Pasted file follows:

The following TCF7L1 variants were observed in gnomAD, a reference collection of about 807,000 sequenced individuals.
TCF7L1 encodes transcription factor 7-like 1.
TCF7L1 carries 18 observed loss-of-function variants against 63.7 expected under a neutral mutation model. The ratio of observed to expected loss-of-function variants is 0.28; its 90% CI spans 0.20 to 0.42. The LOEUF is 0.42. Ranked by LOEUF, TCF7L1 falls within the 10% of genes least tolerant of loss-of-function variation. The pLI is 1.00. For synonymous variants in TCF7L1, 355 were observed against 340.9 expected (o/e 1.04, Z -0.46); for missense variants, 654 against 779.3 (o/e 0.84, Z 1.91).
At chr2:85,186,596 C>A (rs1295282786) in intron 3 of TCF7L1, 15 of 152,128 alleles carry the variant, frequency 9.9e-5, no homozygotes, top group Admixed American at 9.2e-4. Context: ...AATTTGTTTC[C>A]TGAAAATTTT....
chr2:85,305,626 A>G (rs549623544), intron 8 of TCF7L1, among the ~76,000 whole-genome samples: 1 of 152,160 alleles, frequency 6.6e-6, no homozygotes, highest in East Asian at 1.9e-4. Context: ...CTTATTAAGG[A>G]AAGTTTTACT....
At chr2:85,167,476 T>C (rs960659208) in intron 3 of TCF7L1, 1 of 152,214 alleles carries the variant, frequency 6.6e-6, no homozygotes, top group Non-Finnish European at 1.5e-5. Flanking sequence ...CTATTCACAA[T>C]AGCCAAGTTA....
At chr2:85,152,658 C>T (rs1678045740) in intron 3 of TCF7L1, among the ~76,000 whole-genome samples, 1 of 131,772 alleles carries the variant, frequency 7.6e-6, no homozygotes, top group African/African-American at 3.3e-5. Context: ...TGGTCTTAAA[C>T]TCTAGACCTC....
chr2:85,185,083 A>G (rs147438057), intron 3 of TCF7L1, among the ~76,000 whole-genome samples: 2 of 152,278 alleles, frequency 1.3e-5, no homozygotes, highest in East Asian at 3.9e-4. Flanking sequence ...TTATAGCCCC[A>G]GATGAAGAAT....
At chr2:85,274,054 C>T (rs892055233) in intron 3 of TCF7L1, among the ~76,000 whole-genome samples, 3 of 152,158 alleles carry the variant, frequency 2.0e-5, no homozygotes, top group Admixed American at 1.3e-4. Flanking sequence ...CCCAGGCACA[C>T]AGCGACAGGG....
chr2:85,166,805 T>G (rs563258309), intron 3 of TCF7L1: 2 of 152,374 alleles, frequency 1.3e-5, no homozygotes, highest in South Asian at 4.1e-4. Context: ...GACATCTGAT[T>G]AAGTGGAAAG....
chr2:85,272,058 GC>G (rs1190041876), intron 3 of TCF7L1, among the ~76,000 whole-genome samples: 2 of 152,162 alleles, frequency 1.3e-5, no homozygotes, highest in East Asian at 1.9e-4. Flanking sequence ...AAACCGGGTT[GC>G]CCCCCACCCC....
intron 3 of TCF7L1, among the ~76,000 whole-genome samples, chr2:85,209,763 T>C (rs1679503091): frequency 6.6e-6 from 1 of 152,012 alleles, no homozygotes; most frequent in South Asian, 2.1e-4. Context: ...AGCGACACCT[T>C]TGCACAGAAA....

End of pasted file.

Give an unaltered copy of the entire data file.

The following TCF7L1 variants were observed in gnomAD, a reference collection of about 807,000 sequenced individuals.
TCF7L1 encodes transcription factor 7-like 1.
TCF7L1 carries 18 observed loss-of-function variants against 63.7 expected under a neutral mutation model. The ratio of observed to expected loss-of-function variants is 0.28; its 90% CI spans 0.20 to 0.42. The LOEUF is 0.42. Ranked by LOEUF, TCF7L1 falls within the 10% of genes least tolerant of loss-of-function variation. The pLI is 1.00. For synonymous variants in TCF7L1, 355 were observed against 340.9 expected (o/e 1.04, Z -0.46); for missense variants, 654 against 779.3 (o/e 0.84, Z 1.91).
At chr2:85,186,596 C>A (rs1295282786) in intron 3 of TCF7L1, 15 of 152,128 alleles carry the variant, frequency 9.9e-5, no homozygotes, top group Admixed American at 9.2e-4. Context: ...AATTTGTTTC[C>A]TGAAAATTTT....
chr2:85,305,626 A>G (rs549623544), intron 8 of TCF7L1, among the ~76,000 whole-genome samples: 1 of 152,160 alleles, frequency 6.6e-6, no homozygotes, highest in East Asian at 1.9e-4. Context: ...CTTATTAAGG[A>G]AAGTTTTACT....
At chr2:85,167,476 T>C (rs960659208) in intron 3 of TCF7L1, 1 of 152,214 alleles carries the variant, frequency 6.6e-6, no homozygotes, top group Non-Finnish European at 1.5e-5. Flanking sequence ...CTATTCACAA[T>C]AGCCAAGTTA....
At chr2:85,152,658 C>T (rs1678045740) in intron 3 of TCF7L1, among the ~76,000 whole-genome samples, 1 of 131,772 alleles carries the variant, frequency 7.6e-6, no homozygotes, top group African/African-American at 3.3e-5. Context: ...TGGTCTTAAA[C>T]TCTAGACCTC....
chr2:85,185,083 A>G (rs147438057), intron 3 of TCF7L1, among the ~76,000 whole-genome samples: 2 of 152,278 alleles, frequency 1.3e-5, no homozygotes, highest in East Asian at 3.9e-4. Flanking sequence ...TTATAGCCCC[A>G]GATGAAGAAT....
At chr2:85,274,054 C>T (rs892055233) in intron 3 of TCF7L1, among the ~76,000 whole-genome samples, 3 of 152,158 alleles carry the variant, frequency 2.0e-5, no homozygotes, top group Admixed American at 1.3e-4. Flanking sequence ...CCCAGGCACA[C>T]AGCGACAGGG....
chr2:85,166,805 T>G (rs563258309), intron 3 of TCF7L1: 2 of 152,374 alleles, frequency 1.3e-5, no homozygotes, highest in South Asian at 4.1e-4. Context: ...GACATCTGAT[T>G]AAGTGGAAAG....
chr2:85,272,058 GC>G (rs1190041876), intron 3 of TCF7L1, among the ~76,000 whole-genome samples: 2 of 152,162 alleles, frequency 1.3e-5, no homozygotes, highest in East Asian at 1.9e-4. Flanking sequence ...AAACCGGGTT[GC>G]CCCCCACCCC....
intron 3 of TCF7L1, among the ~76,000 whole-genome samples, chr2:85,209,763 T>C (rs1679503091): frequency 6.6e-6 from 1 of 152,012 alleles, no homozygotes; most frequent in South Asian, 2.1e-4. Context: ...AGCGACACCT[T>C]TGCACAGAAA....